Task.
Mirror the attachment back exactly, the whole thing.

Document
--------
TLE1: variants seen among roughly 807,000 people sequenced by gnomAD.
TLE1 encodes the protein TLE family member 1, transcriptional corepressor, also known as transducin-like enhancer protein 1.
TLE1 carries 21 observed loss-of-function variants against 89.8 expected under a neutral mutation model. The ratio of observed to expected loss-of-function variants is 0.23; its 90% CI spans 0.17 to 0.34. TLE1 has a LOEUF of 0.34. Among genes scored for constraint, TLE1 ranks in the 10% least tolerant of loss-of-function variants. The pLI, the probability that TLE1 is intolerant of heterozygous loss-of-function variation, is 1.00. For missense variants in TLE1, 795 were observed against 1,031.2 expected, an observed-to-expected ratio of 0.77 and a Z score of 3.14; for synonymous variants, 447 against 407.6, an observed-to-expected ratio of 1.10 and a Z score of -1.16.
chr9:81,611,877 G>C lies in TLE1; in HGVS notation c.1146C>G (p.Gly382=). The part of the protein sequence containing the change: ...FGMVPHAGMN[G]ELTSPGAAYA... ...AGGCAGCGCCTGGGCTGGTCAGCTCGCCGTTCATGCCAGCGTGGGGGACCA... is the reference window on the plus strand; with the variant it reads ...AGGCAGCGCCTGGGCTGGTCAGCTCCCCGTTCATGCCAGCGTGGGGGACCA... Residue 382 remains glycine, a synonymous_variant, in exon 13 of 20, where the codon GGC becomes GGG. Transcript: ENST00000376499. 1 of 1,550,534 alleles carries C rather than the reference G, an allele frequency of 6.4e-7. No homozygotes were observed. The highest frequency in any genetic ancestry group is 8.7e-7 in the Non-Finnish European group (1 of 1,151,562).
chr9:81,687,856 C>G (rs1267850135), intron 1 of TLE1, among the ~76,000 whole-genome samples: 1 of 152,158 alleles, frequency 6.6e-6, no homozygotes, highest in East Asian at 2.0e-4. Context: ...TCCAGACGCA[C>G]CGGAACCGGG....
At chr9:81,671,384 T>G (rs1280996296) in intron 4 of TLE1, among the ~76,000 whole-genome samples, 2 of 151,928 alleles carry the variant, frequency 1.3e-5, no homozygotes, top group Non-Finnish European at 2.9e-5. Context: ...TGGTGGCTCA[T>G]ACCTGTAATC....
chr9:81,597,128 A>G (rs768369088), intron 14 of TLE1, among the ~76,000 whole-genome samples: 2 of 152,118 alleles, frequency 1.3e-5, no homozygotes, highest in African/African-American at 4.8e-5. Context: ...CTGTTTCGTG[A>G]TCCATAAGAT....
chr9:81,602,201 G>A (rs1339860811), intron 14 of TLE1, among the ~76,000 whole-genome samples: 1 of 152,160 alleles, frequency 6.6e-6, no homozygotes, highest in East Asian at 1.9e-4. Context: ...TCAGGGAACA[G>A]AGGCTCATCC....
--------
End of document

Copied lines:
TLE1: variants seen among roughly 807,000 people sequenced by gnomAD.
TLE1 encodes the protein TLE family member 1, transcriptional corepressor, also known as transducin-like enhancer protein 1.
TLE1 carries 21 observed loss-of-function variants against 89.8 expected under a neutral mutation model. The ratio of observed to expected loss-of-function variants is 0.23; its 90% CI spans 0.17 to 0.34. TLE1 has a LOEUF of 0.34. Among genes scored for constraint, TLE1 ranks in the 10% least tolerant of loss-of-function variants. The pLI, the probability that TLE1 is intolerant of heterozygous loss-of-function variation, is 1.00. For missense variants in TLE1, 795 were observed against 1,031.2 expected, an observed-to-expected ratio of 0.77 and a Z score of 3.14; for synonymous variants, 447 against 407.6, an observed-to-expected ratio of 1.10 and a Z score of -1.16.
chr9:81,611,877 G>C lies in TLE1; in HGVS notation c.1146C>G (p.Gly382=). The part of the protein sequence containing the change: ...FGMVPHAGMN[G]ELTSPGAAYA... ...AGGCAGCGCCTGGGCTGGTCAGCTCGCCGTTCATGCCAGCGTGGGGGACCA... is the reference window on the plus strand; with the variant it reads ...AGGCAGCGCCTGGGCTGGTCAGCTCCCCGTTCATGCCAGCGTGGGGGACCA... Residue 382 remains glycine, a synonymous_variant, in exon 13 of 20, where the codon GGC becomes GGG. Transcript: ENST00000376499. 1 of 1,550,534 alleles carries C rather than the reference G, an allele frequency of 6.4e-7. No homozygotes were observed. The highest frequency in any genetic ancestry group is 8.7e-7 in the Non-Finnish European group (1 of 1,151,562).
chr9:81,687,856 C>G (rs1267850135), intron 1 of TLE1, among the ~76,000 whole-genome samples: 1 of 152,158 alleles, frequency 6.6e-6, no homozygotes, highest in East Asian at 2.0e-4. Context: ...TCCAGACGCA[C>G]CGGAACCGGG....
At chr9:81,671,384 T>G (rs1280996296) in intron 4 of TLE1, among the ~76,000 whole-genome samples, 2 of 151,928 alleles carry the variant, frequency 1.3e-5, no homozygotes, top group Non-Finnish European at 2.9e-5. Context: ...TGGTGGCTCA[T>G]ACCTGTAATC....
chr9:81,597,128 A>G (rs768369088), intron 14 of TLE1, among the ~76,000 whole-genome samples: 2 of 152,118 alleles, frequency 1.3e-5, no homozygotes, highest in African/African-American at 4.8e-5. Context: ...CTGTTTCGTG[A>G]TCCATAAGAT....
chr9:81,602,201 G>A (rs1339860811), intron 14 of TLE1, among the ~76,000 whole-genome samples: 1 of 152,160 alleles, frequency 6.6e-6, no homozygotes, highest in East Asian at 1.9e-4. Context: ...TCAGGGAACA[G>A]AGGCTCATCC....